Children¢â‚¬â„¢s grief PO Box 800, Richmond, Surrey TW9 1RG...

Children¢â‚¬â„¢s grief PO Box 800, Richmond, Surrey TW9 1RG Cruse Bereavement Care offers support, advice
Children¢â‚¬â„¢s grief PO Box 800, Richmond, Surrey TW9 1RG Cruse Bereavement Care offers support, advice
download Children¢â‚¬â„¢s grief PO Box 800, Richmond, Surrey TW9 1RG Cruse Bereavement Care offers support, advice

of 2

  • date post

    19-Oct-2020
  • Category

    Documents

  • view

    0
  • download

    0

Embed Size (px)

Transcript of Children¢â‚¬â„¢s grief PO Box 800, Richmond, Surrey TW9 1RG...

  • Children’s grief Children’s understanding of grief and their reactions will depend on their age.

    A very young child might not understand that death is permanent.

    An older child or teenager may use denial to help them cope.

    Children may seem to dip in and out of grief – this doesn’t mean they don’t care.

    Supporting a child or young person

    Tell them what has happened using clear language. Check their understanding, and let them talk and ask questions.

    Reassure them that they are still loved.

    It’s OK to let them see that you’re sad too.

    Let them join in with funerals and memorials, but be led by them.

    Talk to their school and make sure other adults involved in their care know what has happened.

    “Children experience “Children experience grief differently.”grief differently.”

    Royal Patron: Her Majesty The Queen

    Registered charity no. 208078 A company limited by guarantee 00638709 Registered office: Unit 0.1, One Victoria Villas, Richmond, Surrey, TW9 2GW

    Cruse Bereavement Care, PO Box 800, Richmond, Surrey TW9 1RG

    Cruse Bereavement Care offers support, advice and information to children, young people and adults when someone dies. We work to enhance society’s care of bereaved people and we offer a range of services provided by trained volunteers.

    Visit our website at www.cruse.org.uk

    Email us at helpline@cruse.org.uk

    Telephone our national freephone helpline 0808 808 1677

    For more information on children and grief www.cruse.org.uk/children Or see our website for young people www.hopeagain.org.uk.

    Understanding bereavement

    Local Area/Branch

  • After someone dies The death of someone close can be one of the hardest things we have to deal with.

    There is no normal or ‘right’ way to grieve. How you react will depend on many things – who died and how, age and experience, personality and culture or religion.

    Over time feelings usually become less intense, but you can’t predict when it will happen, or force it to come sooner. There’s no set timetable for starting to feel better. But eventually most people feel able to cope with their lives, whilst remembering those who have died.

    What you may feel There are no set stages or phases of grief which everyone goes through. But some feelings are very common.

    In the early days you may feel shocked and numb, or you may feel nothing at all.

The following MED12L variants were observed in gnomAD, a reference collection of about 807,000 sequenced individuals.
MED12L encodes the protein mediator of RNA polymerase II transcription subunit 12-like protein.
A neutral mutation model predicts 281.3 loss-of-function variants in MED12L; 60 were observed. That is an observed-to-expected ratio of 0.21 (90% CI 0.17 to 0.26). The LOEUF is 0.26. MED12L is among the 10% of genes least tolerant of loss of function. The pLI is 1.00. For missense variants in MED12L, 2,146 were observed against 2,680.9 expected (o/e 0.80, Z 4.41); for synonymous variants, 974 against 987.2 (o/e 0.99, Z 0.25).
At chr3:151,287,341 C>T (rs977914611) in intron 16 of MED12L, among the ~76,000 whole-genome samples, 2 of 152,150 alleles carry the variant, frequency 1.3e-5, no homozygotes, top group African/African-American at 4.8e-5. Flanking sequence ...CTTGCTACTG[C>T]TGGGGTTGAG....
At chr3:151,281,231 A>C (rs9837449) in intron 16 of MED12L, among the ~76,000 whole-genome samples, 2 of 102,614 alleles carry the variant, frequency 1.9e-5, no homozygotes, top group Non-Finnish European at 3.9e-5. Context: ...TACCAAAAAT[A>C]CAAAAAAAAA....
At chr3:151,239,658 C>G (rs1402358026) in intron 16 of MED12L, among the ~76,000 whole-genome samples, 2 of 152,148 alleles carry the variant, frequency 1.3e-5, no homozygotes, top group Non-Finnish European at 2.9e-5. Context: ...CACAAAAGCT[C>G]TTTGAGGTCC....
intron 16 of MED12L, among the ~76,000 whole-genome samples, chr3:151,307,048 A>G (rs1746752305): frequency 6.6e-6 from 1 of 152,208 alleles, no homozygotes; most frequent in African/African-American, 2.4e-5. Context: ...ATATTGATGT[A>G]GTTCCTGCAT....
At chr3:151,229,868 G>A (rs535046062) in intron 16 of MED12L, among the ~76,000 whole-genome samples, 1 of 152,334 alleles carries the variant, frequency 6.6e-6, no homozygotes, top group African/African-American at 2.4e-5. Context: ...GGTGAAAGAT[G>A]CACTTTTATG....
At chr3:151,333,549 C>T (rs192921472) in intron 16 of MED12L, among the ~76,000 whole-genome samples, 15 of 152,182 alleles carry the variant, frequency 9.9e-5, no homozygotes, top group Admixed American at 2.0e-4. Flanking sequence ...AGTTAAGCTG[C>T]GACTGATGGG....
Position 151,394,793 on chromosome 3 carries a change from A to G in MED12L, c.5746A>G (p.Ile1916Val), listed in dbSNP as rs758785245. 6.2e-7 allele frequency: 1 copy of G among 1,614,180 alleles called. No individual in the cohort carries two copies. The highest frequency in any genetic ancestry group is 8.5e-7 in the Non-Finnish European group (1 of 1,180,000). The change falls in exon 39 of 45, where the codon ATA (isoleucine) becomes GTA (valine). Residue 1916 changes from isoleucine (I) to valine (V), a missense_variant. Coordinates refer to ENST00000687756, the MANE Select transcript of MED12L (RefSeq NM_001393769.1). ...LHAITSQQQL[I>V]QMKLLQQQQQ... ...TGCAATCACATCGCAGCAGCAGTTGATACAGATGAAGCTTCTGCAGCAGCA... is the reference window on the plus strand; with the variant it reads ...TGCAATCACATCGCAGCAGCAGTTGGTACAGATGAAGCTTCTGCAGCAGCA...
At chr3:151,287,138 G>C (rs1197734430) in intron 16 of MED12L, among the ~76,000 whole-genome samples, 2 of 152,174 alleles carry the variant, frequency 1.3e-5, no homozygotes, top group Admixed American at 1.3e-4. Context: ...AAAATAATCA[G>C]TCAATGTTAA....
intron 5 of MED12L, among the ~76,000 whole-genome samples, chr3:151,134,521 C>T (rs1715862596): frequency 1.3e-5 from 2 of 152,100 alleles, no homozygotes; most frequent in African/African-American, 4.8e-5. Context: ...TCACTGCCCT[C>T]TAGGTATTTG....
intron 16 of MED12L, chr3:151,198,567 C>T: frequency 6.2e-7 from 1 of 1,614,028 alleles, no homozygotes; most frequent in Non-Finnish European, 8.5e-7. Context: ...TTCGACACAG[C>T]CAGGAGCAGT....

The pain can be overwhelming, and you may experience waves of intense feelings or mood swings. It’s common to find yourself going over and over events.

    You may find yourself searching for the person who has died. It’s normal to see the person, feel their presence or talk to them.

    You may feel guilty about things which happened before the death, or about how you feel now.

    You may feel very angry with yourself or others, or with the person who has died.

    You may have trouble sleeping or need to sleep more than usual. You may feel sick or panicky.

    As time goes on you may have strong feelings of longing, sadness, loneliness and sometimes hopelessness and fear about the future.

    Looking after yourself It’s important that you take care of yourself following a bereavement.

    Cruse can help This leaflet gives some information about bereavement, and some advice that may help you look after yourself or a child in your care.

    If as time goes on you find that you are struggling to cope, you can contact Cruse Bereavement Care for more support.

    Our Freephone helpline number

    0808 808 1677 You can find out more about our services on our website www.cruse.org.uk

    “Everyone experiences “Everyone experiences grief differently, grief differently, and there is no and there is no

    timeline for grief.”timeline for grief.”

    Treat yourself gently Take one day at a time and give yourself permission to grieve. Don’t feel guilty or weak if you’re struggling to cope, or need help.

    Talk to someone Talking can be really helpful. Often family or friends can help. You might also be able to talk to someone in your community, or to a faith or spiritual leader. Talk to your GP if your health is suffering.

    Diet and sleep It’s easier said than done, but try to eat properly and get enough rest (even if you can’t sleep). People who use drugs and alcohol usually find any relief is only temporary.

    Routine Sometimes it helps to develop a new routine of eating, sleeping and connecting with others.

    Exercise Even a short walk to get some fresh air can help.